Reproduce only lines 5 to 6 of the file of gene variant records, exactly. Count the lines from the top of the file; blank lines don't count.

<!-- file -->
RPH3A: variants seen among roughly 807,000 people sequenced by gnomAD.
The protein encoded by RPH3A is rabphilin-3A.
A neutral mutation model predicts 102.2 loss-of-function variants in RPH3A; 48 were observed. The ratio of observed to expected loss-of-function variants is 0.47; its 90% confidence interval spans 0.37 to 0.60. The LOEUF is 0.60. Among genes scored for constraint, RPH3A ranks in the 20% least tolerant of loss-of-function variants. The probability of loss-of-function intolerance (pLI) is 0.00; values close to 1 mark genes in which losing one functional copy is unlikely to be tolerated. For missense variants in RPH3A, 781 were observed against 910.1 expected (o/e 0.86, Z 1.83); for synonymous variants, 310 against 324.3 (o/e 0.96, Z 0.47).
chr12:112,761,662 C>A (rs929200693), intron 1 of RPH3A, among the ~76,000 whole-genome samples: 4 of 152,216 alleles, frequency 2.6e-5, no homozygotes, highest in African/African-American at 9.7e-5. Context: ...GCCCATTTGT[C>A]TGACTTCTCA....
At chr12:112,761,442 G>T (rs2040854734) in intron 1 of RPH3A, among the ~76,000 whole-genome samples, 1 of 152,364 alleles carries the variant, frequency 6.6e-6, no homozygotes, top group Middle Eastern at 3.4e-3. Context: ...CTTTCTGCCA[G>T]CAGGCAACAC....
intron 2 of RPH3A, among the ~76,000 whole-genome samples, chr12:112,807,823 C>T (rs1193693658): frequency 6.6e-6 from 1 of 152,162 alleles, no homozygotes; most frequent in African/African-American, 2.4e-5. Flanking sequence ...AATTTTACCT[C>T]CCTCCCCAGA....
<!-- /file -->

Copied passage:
At chr12:112,761,442 G>T (rs2040854734) in intron 1 of RPH3A, among the ~76,000 whole-genome samples, 1 of 152,364 alleles carries the variant, frequency 6.6e-6, no homozygotes, top group Middle Eastern at 3.4e-3. Context: ...CTTTCTGCCA[G>T]CAGGCAACAC....
intron 2 of RPH3A, among the ~76,000 whole-genome samples, chr12:112,807,823 C>T (rs1193693658): frequency 6.6e-6 from 1 of 152,162 alleles, no homozygotes; most frequent in African/African-American, 2.4e-5. Flanking sequence ...AATTTTACCT[C>T]CCTCCCCAGA....